The President, Code Words, Empty Progressive Christian Rhetoric, and the Truth 

One of the many issues that I take up on this blog is is the issue of truth.

Lies, misrepresentation, prevarication, are enemies of the Truth. In fact, Jesus himself said, as he stood before Pilate,

Everyone who belongs to the truth listens to my voice. (John 18:37, NET)

The one who is the Truth, said that those who rejected him did so because they were of the father of lies (John 8:34-47). Jesus’ ultimate standard was the revealed word of God, even though he was God. Everything that he said, every teaching that he uttered had its truth in, what we call, the Old Testament. Jesus didn’t just make stuff up; rather, every utterance was grounded in the truth of revelation.

But people have problems with the truth. When the facts do not fit the narrative, abandon the facts. Sometimes the truth is uncomfortable. In a culture that cannot stand to have its conscience pricked, truth hurts. What has amazed me over the past year is the ability of American President Donald Trump to manipulate people into fully exposing their ridiculous biases. He has played the mainstream American media like a cheap fiddle, constantly trolling and beating them to the punch. The Washington Post notes that,

Seventy-seven percent of those surveyed by the Pew Research Center in the fall said the media “tend to favor one side” compared with 53 percent who said so in 1985.

If you’ve followed this blog for any length of time, you’ve probably noticed that I am biased towards a particular point of view (Conservative, Reformed, and Protestant) and I’ve not tried to hide this, in fact, if anything you have seen both consistency in some places and evolution in others. I defend people that I agree with and will criticize when I disagree. But, the most dishonest people will pretend to be unbiased and will often not back up their claims whenever they are pushed to do so, often resorting to knee-jerk labeling and name-calling. They can often smell a rat, but couldn’t describe one in a meaningful way, other than broad brushing those who do not agree with them through the use of coded language, like “hater”, transphobe, anti-immigration, etc.

No greater place in the culture is this seen than in so-called “Progressive Christianity”. Any time that you preface a definite term with an adjective, you run the risk of destroying the meaning of the term. Take the term “Progressive”. Politically it is usually used as a code word for what is ultimately a leftist, totalitarian ideology. However, when it is attached to a word like “Christianity” it usually refers to people who reject the authority of Scripture as the means to direct the life of the believer. It tries to come off as more spiritual than more conservative or classical, one could even say orthodox forms of the faith. They will often paint themselves as being more Christ-like, more compassionate, even though they reject the clear statements and instructions of Christ. One in particular, one that I have directly interacted with in the past, is John Pavlovitz. John says in the biography on his blog that he’s merely trying to “live out the red letters of Jesus”. Never mind that the “red letters” are merely a reading tool developed by book publishers and often are filled with quotations from the “black letters”, and that those red letters often require the black ones to make sense of what is being said, which means that both are authoritative. But that’s for another post.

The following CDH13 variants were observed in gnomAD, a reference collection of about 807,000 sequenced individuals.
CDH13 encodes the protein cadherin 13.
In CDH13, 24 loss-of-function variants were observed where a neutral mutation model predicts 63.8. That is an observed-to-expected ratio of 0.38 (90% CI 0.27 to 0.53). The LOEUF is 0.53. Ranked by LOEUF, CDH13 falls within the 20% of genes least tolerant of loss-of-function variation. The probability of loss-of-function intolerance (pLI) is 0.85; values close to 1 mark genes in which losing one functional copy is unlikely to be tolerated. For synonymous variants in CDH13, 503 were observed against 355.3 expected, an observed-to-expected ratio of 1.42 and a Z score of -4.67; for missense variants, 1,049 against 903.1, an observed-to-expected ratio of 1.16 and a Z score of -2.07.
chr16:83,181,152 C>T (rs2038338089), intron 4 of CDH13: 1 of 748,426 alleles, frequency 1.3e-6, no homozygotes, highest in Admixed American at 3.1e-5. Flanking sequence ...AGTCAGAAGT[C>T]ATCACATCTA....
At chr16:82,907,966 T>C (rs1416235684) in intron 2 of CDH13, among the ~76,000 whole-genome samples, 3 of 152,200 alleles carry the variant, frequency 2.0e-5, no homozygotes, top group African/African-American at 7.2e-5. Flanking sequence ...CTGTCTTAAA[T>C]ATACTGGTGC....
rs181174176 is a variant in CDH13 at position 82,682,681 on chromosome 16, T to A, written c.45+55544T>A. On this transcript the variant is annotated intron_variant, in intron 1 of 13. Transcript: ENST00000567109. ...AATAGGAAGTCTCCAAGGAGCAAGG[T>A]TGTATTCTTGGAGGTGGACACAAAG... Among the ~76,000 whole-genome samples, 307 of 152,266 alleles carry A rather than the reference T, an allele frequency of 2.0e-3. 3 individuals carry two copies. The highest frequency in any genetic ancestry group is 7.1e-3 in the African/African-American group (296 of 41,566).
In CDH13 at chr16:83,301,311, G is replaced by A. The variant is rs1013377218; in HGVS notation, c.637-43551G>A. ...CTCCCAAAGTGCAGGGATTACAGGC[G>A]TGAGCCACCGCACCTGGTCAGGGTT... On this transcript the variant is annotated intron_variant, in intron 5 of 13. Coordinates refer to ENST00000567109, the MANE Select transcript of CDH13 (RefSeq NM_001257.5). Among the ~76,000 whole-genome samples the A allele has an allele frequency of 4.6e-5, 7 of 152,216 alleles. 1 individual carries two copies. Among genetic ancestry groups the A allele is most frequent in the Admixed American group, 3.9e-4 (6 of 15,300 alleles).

So, what is John going on about this time?

Well, it seems that he has penned an open letter on his blog, titled “White Evangelicals, This is Why People are Through With You”.

Considering myself both white and evangelical, it caught my attention and figured that it was worth a read and even a response to some of his statements.

He begins,

I need to tell you something: People have had it with you.

They’re done.

They want nothing to do with you any longer, and here’s why:

They see your hypocrisy, your inconsistency, your incredibly selective mercy, and your thinly veiled supremacy.

All of those are mighty harsh charges to level. Let’s see if they can be substantiated.

He continues,

For eight years they watched you relentlessly demonize a black President; a man faithfully married for 26 years; a doting father and husband without a hint of moral scandal or the slightest whiff of infidelity.

There’s some who argued that it  wasn’t necessarily true that such was true, but this isn’t a place for rumor mongering.

They watched you deny his personal faith convictions, argue his birthplace, and assail his character—all without cause or evidence. They saw you brandish Scriptures to malign him and use the laziest of racial stereotypes in criticizing him.

Well, John, when someone claims to be a Christian and every political position that they take is opposed to clear, historical positions that Christian orthodoxy has taken, there is usually a reason to make such denials. There was, in fact, cause to ask questions because there’s this thing called “the law” and he had this thing called “history”, not to mention the fact that no one had actually heard of Barack Obama until his state senate run, but everyone knew Barry Soweto, a foreign student. As far as any “racial stereotypes” I never heard of any. But here’s the thing: there’s a lot of moderate and conservative people who believed that Barak Obama should never have been a candidate, much less president, and a few of them were black, such as columnist and radio host Larry Elder.

And through it all, White Evangelicals—you never once suggested that God placed him where he was,

you never publicly offered prayers for him and his family,

you never welcomed him to your Christian Universities,